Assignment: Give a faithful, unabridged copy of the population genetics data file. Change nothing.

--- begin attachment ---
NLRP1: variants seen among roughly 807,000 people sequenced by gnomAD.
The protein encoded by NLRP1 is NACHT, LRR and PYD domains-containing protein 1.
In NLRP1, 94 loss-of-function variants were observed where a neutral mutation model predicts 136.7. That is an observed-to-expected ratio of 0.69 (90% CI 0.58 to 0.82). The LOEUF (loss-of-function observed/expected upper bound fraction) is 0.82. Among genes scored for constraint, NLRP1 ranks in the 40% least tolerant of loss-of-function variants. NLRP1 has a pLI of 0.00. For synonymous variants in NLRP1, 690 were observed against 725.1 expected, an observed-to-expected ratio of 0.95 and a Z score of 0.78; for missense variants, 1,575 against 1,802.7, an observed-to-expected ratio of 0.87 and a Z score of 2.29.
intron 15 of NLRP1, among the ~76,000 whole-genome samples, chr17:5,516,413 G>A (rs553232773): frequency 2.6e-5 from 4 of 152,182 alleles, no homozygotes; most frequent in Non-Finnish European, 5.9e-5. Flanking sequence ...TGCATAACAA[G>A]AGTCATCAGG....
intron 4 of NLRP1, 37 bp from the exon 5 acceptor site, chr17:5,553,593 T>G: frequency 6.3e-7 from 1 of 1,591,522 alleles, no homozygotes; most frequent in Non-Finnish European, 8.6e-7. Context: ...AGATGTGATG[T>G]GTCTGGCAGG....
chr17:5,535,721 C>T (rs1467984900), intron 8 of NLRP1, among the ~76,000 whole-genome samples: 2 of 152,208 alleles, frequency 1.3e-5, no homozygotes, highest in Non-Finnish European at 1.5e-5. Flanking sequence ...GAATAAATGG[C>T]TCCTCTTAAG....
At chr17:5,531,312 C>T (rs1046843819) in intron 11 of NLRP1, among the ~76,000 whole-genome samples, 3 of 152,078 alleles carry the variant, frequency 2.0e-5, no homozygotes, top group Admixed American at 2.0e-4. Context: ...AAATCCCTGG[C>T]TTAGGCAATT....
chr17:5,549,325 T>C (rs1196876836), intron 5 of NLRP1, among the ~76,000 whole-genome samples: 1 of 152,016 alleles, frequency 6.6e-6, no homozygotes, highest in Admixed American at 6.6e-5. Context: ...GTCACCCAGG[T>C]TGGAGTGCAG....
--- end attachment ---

NLRP1: variants seen among roughly 807,000 people sequenced by gnomAD.
The protein encoded by NLRP1 is NACHT, LRR and PYD domains-containing protein 1.
In NLRP1, 94 loss-of-function variants were observed where a neutral mutation model predicts 136.7. That is an observed-to-expected ratio of 0.69 (90% CI 0.58 to 0.82). The LOEUF (loss-of-function observed/expected upper bound fraction) is 0.82. Among genes scored for constraint, NLRP1 ranks in the 40% least tolerant of loss-of-function variants. NLRP1 has a pLI of 0.00. For synonymous variants in NLRP1, 690 were observed against 725.1 expected, an observed-to-expected ratio of 0.95 and a Z score of 0.78; for missense variants, 1,575 against 1,802.7, an observed-to-expected ratio of 0.87 and a Z score of 2.29.
intron 15 of NLRP1, among the ~76,000 whole-genome samples, chr17:5,516,413 G>A (rs553232773): frequency 2.6e-5 from 4 of 152,182 alleles, no homozygotes; most frequent in Non-Finnish European, 5.9e-5. Flanking sequence ...TGCATAACAA[G>A]AGTCATCAGG....
intron 4 of NLRP1, 37 bp from the exon 5 acceptor site, chr17:5,553,593 T>G: frequency 6.3e-7 from 1 of 1,591,522 alleles, no homozygotes; most frequent in Non-Finnish European, 8.6e-7. Context: ...AGATGTGATG[T>G]GTCTGGCAGG....
chr17:5,535,721 C>T (rs1467984900), intron 8 of NLRP1, among the ~76,000 whole-genome samples: 2 of 152,208 alleles, frequency 1.3e-5, no homozygotes, highest in Non-Finnish European at 1.5e-5. Flanking sequence ...GAATAAATGG[C>T]TCCTCTTAAG....
At chr17:5,531,312 C>T (rs1046843819) in intron 11 of NLRP1, among the ~76,000 whole-genome samples, 3 of 152,078 alleles carry the variant, frequency 2.0e-5, no homozygotes, top group Admixed American at 2.0e-4. Context: ...AAATCCCTGG[C>T]TTAGGCAATT....
chr17:5,549,325 T>C (rs1196876836), intron 5 of NLRP1, among the ~76,000 whole-genome samples: 1 of 152,016 alleles, frequency 6.6e-6, no homozygotes, highest in Admixed American at 6.6e-5. Context: ...GTCACCCAGG[T>C]TGGAGTGCAG....